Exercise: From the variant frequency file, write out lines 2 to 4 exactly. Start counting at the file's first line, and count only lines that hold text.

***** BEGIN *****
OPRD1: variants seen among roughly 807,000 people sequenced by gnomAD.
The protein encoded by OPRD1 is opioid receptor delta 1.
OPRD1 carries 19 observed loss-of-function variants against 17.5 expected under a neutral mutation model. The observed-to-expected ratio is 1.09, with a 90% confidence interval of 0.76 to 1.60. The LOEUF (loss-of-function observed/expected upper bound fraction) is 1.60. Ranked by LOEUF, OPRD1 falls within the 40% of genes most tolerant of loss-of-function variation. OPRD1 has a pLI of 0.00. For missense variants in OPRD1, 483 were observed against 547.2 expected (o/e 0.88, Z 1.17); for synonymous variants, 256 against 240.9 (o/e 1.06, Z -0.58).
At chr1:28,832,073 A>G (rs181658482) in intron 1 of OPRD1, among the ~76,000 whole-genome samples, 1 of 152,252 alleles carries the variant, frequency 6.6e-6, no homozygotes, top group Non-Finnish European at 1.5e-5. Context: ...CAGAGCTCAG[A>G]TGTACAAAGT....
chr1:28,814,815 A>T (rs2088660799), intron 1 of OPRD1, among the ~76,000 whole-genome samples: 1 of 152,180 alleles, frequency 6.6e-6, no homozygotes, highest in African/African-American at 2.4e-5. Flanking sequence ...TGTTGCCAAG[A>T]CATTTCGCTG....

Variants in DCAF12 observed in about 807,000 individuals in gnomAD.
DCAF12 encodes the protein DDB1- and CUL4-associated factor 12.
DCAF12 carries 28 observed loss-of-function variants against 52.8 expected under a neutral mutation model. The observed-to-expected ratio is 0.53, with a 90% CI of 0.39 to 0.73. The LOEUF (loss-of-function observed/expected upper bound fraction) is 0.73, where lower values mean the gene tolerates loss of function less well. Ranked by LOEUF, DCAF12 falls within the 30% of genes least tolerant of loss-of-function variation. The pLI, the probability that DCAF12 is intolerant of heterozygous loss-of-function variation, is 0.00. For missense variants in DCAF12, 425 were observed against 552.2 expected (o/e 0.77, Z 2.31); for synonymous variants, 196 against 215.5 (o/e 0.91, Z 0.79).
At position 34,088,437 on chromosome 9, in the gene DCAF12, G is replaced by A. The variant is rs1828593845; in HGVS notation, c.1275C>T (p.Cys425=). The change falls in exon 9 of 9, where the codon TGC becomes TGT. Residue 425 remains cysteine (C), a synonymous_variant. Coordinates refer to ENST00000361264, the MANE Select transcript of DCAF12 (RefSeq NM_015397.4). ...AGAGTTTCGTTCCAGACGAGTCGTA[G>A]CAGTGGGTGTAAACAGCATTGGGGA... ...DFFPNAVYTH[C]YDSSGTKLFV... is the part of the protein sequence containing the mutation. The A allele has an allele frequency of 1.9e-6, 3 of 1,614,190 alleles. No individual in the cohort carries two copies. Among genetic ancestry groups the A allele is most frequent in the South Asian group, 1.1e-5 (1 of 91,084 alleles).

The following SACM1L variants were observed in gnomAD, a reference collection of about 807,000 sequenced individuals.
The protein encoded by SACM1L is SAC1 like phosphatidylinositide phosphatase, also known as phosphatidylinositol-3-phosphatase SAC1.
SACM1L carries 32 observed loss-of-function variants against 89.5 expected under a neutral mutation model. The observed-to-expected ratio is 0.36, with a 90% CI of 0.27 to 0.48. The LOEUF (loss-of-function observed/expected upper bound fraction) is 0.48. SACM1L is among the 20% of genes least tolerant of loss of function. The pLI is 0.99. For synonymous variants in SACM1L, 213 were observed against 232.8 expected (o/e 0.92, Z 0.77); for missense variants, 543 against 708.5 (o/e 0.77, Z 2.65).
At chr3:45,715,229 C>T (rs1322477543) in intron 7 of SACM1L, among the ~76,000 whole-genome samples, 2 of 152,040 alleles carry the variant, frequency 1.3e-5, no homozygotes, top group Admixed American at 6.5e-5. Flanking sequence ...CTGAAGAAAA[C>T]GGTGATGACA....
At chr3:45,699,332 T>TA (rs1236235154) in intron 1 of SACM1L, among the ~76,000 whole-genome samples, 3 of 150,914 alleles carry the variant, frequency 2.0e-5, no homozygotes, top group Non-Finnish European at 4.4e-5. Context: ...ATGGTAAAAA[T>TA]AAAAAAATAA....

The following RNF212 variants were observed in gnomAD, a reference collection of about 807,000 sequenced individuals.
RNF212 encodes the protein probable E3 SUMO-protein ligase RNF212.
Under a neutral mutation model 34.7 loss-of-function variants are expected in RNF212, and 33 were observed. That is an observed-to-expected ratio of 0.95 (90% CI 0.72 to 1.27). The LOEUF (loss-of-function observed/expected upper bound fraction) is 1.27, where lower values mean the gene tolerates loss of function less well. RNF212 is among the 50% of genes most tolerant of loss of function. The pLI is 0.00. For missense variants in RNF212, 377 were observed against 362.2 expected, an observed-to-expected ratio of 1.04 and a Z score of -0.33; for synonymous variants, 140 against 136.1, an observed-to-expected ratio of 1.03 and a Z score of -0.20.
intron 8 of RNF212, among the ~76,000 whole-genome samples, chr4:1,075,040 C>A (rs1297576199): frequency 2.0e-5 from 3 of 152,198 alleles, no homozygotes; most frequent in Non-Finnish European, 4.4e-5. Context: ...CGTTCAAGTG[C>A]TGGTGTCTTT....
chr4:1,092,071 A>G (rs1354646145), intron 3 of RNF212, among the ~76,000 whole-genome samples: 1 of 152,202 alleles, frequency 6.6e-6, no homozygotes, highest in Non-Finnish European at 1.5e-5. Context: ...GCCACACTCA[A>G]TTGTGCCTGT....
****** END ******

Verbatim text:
The protein encoded by OPRD1 is opioid receptor delta 1.
OPRD1 carries 19 observed loss-of-function variants against 17.5 expected under a neutral mutation model. The observed-to-expected ratio is 1.09, with a 90% confidence interval of 0.76 to 1.60. The LOEUF (loss-of-function observed/expected upper bound fraction) is 1.60. Ranked by LOEUF, OPRD1 falls within the 40% of genes most tolerant of loss-of-function variation. OPRD1 has a pLI of 0.00. For missense variants in OPRD1, 483 were observed against 547.2 expected (o/e 0.88, Z 1.17); for synonymous variants, 256 against 240.9 (o/e 1.06, Z -0.58).
At chr1:28,832,073 A>G (rs181658482) in intron 1 of OPRD1, among the ~76,000 whole-genome samples, 1 of 152,252 alleles carries the variant, frequency 6.6e-6, no homozygotes, top group Non-Finnish European at 1.5e-5. Context: ...CAGAGCTCAG[A>G]TGTACAAAGT....